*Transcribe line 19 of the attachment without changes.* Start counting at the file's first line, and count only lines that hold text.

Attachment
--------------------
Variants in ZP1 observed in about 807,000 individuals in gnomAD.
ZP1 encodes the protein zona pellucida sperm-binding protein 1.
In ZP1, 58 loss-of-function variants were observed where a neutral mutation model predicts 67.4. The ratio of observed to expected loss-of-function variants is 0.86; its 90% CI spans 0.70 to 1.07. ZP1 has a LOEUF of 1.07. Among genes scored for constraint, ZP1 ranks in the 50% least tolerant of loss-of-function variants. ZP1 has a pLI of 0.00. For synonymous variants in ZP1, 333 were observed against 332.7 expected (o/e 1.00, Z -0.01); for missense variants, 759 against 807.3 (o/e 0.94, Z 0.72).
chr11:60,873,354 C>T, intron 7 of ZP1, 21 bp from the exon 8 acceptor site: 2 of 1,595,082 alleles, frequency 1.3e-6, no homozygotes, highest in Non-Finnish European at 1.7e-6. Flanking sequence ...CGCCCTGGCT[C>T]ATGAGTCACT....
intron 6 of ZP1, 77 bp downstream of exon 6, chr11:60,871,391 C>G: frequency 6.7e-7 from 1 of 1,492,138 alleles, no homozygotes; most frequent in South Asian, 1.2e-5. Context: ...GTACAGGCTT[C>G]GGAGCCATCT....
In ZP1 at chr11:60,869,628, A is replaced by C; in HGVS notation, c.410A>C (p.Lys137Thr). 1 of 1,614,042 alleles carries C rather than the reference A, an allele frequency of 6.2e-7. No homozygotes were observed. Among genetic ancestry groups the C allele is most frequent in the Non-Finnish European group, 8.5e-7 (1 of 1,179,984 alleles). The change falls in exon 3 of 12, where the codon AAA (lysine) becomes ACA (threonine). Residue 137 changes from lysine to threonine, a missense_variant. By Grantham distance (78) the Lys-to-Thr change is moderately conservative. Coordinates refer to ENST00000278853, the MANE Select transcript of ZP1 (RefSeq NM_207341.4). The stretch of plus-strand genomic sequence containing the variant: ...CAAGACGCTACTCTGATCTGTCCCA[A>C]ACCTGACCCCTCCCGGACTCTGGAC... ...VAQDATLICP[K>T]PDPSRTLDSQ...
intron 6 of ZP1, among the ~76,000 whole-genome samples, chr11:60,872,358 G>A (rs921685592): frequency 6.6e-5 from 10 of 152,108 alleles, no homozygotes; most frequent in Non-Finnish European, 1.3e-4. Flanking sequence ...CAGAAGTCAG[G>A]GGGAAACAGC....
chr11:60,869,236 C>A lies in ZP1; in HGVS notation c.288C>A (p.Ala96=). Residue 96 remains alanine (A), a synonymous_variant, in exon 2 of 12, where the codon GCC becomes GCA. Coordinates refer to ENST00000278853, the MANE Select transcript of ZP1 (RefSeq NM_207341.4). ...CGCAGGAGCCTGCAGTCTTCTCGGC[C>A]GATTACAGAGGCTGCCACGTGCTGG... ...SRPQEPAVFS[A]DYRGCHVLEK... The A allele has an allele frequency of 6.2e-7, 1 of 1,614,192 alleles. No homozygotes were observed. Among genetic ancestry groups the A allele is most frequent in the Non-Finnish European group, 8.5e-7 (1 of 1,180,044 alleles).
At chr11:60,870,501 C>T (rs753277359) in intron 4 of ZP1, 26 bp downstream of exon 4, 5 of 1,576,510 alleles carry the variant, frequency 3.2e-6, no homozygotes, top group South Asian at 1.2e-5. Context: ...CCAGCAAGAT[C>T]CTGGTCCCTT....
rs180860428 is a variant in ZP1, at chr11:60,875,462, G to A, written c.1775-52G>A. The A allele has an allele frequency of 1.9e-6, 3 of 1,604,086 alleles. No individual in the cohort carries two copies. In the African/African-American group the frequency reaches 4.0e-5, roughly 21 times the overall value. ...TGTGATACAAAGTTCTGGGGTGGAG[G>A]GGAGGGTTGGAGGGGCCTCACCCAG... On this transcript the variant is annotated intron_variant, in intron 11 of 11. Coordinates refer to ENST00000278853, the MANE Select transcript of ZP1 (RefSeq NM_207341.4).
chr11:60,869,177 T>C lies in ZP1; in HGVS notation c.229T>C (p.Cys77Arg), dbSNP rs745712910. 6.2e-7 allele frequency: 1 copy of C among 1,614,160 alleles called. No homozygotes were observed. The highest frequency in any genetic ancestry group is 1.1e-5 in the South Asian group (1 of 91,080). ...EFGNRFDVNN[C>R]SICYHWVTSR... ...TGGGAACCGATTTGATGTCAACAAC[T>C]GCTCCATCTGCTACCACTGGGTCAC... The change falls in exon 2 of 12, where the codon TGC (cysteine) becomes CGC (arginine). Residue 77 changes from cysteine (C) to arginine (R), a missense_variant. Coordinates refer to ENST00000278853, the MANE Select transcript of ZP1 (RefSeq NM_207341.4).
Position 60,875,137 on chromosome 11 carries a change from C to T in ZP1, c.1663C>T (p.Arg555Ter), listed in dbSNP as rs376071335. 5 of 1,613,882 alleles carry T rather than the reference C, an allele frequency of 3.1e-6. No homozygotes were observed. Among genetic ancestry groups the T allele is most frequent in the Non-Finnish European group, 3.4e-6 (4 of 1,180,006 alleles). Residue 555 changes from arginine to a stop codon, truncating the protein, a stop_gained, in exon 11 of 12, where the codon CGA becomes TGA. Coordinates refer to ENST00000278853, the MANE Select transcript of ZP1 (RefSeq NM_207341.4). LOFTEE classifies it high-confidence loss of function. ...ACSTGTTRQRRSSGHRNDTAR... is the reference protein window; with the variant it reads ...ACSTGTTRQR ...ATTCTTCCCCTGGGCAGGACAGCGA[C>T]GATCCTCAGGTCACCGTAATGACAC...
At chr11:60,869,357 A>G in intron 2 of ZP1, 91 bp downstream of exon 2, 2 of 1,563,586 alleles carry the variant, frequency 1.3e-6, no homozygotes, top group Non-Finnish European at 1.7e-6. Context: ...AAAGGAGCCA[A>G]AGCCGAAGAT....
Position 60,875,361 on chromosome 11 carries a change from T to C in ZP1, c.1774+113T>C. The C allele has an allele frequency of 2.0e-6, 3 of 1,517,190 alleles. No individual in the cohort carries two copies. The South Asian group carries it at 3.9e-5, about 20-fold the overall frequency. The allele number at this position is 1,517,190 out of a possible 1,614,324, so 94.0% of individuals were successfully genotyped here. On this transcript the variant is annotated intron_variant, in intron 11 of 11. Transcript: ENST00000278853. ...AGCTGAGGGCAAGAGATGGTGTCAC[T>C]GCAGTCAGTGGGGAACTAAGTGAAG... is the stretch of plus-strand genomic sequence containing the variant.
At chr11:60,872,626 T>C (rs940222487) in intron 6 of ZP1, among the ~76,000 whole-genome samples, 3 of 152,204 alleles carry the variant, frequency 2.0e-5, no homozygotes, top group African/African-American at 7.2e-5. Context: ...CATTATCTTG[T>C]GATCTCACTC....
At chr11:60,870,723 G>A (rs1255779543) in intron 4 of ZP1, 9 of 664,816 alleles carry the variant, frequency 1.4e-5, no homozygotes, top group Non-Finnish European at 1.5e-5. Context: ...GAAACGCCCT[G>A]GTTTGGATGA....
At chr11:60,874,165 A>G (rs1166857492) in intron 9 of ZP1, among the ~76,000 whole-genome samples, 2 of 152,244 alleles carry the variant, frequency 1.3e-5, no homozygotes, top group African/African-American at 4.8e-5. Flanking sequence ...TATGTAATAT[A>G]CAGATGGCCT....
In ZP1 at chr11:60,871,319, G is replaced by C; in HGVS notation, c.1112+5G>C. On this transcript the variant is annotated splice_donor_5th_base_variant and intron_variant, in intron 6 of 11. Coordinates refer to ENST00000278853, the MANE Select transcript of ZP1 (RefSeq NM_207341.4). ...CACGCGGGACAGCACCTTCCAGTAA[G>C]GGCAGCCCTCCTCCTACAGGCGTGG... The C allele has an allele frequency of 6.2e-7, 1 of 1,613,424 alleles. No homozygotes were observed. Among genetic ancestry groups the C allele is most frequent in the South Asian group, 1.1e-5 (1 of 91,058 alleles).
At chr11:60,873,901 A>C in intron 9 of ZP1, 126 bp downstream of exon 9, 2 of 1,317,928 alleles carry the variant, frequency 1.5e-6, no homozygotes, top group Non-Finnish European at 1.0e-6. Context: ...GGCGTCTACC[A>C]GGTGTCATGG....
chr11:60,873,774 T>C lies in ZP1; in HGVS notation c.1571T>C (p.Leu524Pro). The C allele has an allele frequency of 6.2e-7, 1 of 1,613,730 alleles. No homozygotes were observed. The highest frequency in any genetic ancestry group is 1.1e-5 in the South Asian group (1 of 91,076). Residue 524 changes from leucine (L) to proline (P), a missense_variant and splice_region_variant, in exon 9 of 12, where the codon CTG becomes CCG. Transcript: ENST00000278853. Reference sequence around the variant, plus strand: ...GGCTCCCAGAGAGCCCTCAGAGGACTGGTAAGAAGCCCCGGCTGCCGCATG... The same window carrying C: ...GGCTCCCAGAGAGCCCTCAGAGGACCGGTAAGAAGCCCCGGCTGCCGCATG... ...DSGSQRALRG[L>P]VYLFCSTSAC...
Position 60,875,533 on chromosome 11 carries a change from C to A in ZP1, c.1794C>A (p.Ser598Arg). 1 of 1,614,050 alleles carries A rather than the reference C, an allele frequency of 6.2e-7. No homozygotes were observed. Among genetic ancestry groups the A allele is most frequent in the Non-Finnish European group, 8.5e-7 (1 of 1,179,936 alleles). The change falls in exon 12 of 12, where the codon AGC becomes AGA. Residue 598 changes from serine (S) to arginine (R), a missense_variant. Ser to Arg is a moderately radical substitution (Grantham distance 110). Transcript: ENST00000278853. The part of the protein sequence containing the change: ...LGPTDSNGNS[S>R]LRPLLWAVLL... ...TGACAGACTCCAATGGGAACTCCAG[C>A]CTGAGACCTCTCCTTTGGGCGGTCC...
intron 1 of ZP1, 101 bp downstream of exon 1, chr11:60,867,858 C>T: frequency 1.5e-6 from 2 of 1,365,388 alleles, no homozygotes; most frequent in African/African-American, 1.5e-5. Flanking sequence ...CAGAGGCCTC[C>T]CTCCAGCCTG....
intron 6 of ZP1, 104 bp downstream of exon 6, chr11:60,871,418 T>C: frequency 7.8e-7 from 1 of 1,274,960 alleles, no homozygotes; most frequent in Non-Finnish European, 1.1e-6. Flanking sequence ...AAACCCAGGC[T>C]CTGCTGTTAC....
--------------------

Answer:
At chr11:60,873,901 A>C in intron 9 of ZP1, 126 bp downstream of exon 9, 2 of 1,317,928 alleles carry the variant, frequency 1.5e-6, no homozygotes, top group Non-Finnish European at 1.0e-6. Context: ...GGCGTCTACC[A>C]GGTGTCATGG....